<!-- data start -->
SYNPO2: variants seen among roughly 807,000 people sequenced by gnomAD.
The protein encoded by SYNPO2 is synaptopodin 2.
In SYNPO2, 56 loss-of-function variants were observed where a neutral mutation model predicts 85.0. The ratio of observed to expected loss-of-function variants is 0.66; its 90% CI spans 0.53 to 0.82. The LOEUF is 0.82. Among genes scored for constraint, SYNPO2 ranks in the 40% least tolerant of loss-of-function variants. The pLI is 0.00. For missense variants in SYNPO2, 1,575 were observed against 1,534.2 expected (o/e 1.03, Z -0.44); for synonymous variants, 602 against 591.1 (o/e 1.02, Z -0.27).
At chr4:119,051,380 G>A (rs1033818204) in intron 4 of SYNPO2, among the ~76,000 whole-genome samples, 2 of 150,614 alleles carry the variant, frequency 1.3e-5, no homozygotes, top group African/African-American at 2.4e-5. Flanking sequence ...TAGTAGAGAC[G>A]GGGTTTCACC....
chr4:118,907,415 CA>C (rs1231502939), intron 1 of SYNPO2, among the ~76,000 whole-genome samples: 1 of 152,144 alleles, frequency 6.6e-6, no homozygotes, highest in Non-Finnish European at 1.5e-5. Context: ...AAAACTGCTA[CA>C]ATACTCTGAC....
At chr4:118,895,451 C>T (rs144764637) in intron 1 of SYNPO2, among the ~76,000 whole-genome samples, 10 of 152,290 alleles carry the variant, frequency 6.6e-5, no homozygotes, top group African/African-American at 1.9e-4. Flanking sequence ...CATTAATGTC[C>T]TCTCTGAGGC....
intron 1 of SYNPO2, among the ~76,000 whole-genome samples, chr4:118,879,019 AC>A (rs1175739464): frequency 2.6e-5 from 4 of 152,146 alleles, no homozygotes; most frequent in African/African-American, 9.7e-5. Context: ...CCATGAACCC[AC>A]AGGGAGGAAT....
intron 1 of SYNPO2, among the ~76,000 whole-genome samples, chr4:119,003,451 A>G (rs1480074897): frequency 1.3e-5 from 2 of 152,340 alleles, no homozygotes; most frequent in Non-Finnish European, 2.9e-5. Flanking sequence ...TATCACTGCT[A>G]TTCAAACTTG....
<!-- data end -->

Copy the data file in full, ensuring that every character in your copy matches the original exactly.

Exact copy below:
SYNPO2: variants seen among roughly 807,000 people sequenced by gnomAD.
The protein encoded by SYNPO2 is synaptopodin 2.
In SYNPO2, 56 loss-of-function variants were observed where a neutral mutation model predicts 85.0. The ratio of observed to expected loss-of-function variants is 0.66; its 90% CI spans 0.53 to 0.82. The LOEUF is 0.82. Among genes scored for constraint, SYNPO2 ranks in the 40% least tolerant of loss-of-function variants. The pLI is 0.00. For missense variants in SYNPO2, 1,575 were observed against 1,534.2 expected (o/e 1.03, Z -0.44); for synonymous variants, 602 against 591.1 (o/e 1.02, Z -0.27).
At chr4:119,051,380 G>A (rs1033818204) in intron 4 of SYNPO2, among the ~76,000 whole-genome samples, 2 of 150,614 alleles carry the variant, frequency 1.3e-5, no homozygotes, top group African/African-American at 2.4e-5. Flanking sequence ...TAGTAGAGAC[G>A]GGGTTTCACC....
chr4:118,907,415 CA>C (rs1231502939), intron 1 of SYNPO2, among the ~76,000 whole-genome samples: 1 of 152,144 alleles, frequency 6.6e-6, no homozygotes, highest in Non-Finnish European at 1.5e-5. Context: ...AAAACTGCTA[CA>C]ATACTCTGAC....
At chr4:118,895,451 C>T (rs144764637) in intron 1 of SYNPO2, among the ~76,000 whole-genome samples, 10 of 152,290 alleles carry the variant, frequency 6.6e-5, no homozygotes, top group African/African-American at 1.9e-4. Flanking sequence ...CATTAATGTC[C>T]TCTCTGAGGC....
intron 1 of SYNPO2, among the ~76,000 whole-genome samples, chr4:118,879,019 AC>A (rs1175739464): frequency 2.6e-5 from 4 of 152,146 alleles, no homozygotes; most frequent in African/African-American, 9.7e-5. Context: ...CCATGAACCC[AC>A]AGGGAGGAAT....
intron 1 of SYNPO2, among the ~76,000 whole-genome samples, chr4:119,003,451 A>G (rs1480074897): frequency 1.3e-5 from 2 of 152,340 alleles, no homozygotes; most frequent in Non-Finnish European, 2.9e-5. Flanking sequence ...TATCACTGCT[A>G]TTCAAACTTG....